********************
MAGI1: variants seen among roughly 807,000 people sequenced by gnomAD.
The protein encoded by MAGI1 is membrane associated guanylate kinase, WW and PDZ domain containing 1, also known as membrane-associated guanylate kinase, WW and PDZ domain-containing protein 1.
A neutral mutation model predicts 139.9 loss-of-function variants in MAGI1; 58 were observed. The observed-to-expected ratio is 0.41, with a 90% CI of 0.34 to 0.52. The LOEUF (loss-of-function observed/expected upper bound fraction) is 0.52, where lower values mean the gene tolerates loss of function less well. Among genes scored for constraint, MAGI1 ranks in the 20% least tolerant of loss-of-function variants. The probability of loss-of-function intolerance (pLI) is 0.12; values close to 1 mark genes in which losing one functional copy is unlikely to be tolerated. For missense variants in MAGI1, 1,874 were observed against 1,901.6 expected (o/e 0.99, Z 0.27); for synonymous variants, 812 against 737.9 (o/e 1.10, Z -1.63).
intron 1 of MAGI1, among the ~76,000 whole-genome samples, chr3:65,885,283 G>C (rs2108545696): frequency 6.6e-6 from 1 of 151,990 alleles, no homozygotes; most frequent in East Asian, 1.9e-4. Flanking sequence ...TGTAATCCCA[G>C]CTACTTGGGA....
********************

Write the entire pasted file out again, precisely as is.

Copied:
MAGI1: variants seen among roughly 807,000 people sequenced by gnomAD.
The protein encoded by MAGI1 is membrane associated guanylate kinase, WW and PDZ domain containing 1, also known as membrane-associated guanylate kinase, WW and PDZ domain-containing protein 1.
A neutral mutation model predicts 139.9 loss-of-function variants in MAGI1; 58 were observed. The observed-to-expected ratio is 0.41, with a 90% CI of 0.34 to 0.52. The LOEUF (loss-of-function observed/expected upper bound fraction) is 0.52, where lower values mean the gene tolerates loss of function less well. Among genes scored for constraint, MAGI1 ranks in the 20% least tolerant of loss-of-function variants. The probability of loss-of-function intolerance (pLI) is 0.12; values close to 1 mark genes in which losing one functional copy is unlikely to be tolerated. For missense variants in MAGI1, 1,874 were observed against 1,901.6 expected (o/e 0.99, Z 0.27); for synonymous variants, 812 against 737.9 (o/e 1.10, Z -1.63).
intron 1 of MAGI1, among the ~76,000 whole-genome samples, chr3:65,885,283 G>C (rs2108545696): frequency 6.6e-6 from 1 of 151,990 alleles, no homozygotes; most frequent in East Asian, 1.9e-4. Flanking sequence ...TGTAATCCCA[G>C]CTACTTGGGA....